Trump, and the Paris accord

Sep. 20th, 2017 08:55 pm
airiefairie: (Default)
[personal profile] airiefairie posting in [community profile] talkpolitics
What On Earth Is Going On With Trump And The Paris Agreement?

Sigh. So many ignorant science denialists in the comments section.

1. The accord allowed each nation to select a target reduction of CO2. The US agreed to 25% below 2005 levels. 195 nations have reduction targets, not just the US.

2. The target date for industrialised nations is 2025; for developing nations it is 2030.

3. That doesn't mean any nation can wait until 2030 to start lowering CO2. If your target is to have $1 million in your retirement by age 65, you cannot wait until you are 65 to start.

4. China is reducing CO2 now. Today. They are moving more rapidly to solar than the rest of us are.

5. No one is being "penalised". The US simply agreed to that 25% reduction.

6, All industrialised nations are paying to help the developing nations, not just the US. All the major EU nations, Canada, Japan, Australia, Sweden, Norway, South Korea, etc. The money goes into a UN climate fund to help developing nations convert to green energy. They have to apply for grants for specific projects. Most people recognise these nations cannot do it by themselves, and the CO2 any nation emits affects our climate. All of us. The list of projects funded is public record.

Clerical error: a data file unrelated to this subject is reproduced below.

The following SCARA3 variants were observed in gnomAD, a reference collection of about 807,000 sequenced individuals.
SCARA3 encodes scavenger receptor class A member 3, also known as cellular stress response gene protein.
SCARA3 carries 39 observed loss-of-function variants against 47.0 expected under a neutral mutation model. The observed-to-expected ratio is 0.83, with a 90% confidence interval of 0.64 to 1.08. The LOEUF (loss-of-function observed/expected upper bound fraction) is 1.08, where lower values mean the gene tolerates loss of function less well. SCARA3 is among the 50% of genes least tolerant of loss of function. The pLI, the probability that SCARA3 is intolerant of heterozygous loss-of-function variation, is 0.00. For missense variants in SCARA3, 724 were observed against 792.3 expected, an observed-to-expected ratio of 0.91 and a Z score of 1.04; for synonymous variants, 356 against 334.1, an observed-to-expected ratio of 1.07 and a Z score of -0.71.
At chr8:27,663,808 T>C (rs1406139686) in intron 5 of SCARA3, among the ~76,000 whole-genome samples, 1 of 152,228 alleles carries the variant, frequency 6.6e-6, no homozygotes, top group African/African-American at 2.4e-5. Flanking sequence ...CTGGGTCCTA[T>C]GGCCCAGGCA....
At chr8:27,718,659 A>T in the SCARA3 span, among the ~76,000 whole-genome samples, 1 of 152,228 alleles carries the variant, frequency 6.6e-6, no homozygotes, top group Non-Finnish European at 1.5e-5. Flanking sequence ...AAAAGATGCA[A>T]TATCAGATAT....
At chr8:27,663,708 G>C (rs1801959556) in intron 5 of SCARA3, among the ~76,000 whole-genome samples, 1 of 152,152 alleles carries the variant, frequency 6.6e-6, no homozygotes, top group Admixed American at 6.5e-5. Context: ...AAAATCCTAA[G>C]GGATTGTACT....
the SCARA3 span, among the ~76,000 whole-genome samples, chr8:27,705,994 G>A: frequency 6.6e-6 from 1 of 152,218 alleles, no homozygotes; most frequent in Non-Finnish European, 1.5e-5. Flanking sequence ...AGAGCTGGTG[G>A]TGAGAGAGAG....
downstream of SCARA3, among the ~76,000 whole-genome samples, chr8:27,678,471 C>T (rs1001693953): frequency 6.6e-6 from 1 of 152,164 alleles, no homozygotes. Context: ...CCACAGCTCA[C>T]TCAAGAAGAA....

7. The accord was signed under a treaty the US had already ratified earlier, the UN Framework on Climate Change.

Oh and by the way, a lot of American cities are sticking to the Paris agreement, it is just that poor excuse for a president that doesn't seem to care.

There is more )

Update.

Sep. 20th, 2017 11:12 am
johnny9fingers: (Default)
[personal profile] johnny9fingers
Fred has her surgery tomorrow.
Fingers crossed.

She's told the kids she needs to have an operation in hospital and won't be around. Her mum is staying with her in Dulwich. I have the kids over this weekend and from Thursday next. It's all been a bit hectic, and, as with our separation, we've kept the kids in the dark about stuff. Who knew that parenting entailed such subterfuge and moral equivocation? But it seems that some information is best kept on a "need to know" basis, as we protect the kids from stuff they may not need to know if everything works out fine.

Stage 1 (b). Radical surgery and a lymph-node-ectomy, and maybe some radio and chemo. They got it early, thank the gods. Madame of course is caught in the bureaucratic void between private patients and the NHS. They don't talk much to each other. Paperwork isn't shared. Stuff can slip between the cracks. And it's just more hassle when she doesn't need it.

Anyway, I'll know more in the next few days.

Happy feet

Sep. 20th, 2017 10:00 am
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[personal profile] abomvubuso
Beautiful Boulders Beach, Simonstown showing off...


A small punch for man...

Sep. 19th, 2017 10:27 am
kiaa: (soundkitteh)
[personal profile] kiaa posting in [community profile] talkpolitics
One of the most memorable moments for me, tbh. You know, the one where Buzz Aldrin, the legendary astronaut, one of the first two men to land on the Moon, and the second to set foot on its dusty surface, delivered a knock-down punch on an ideological opponent. The guy had been literally thumping a Bible on him, so Buzz decided enough was enough.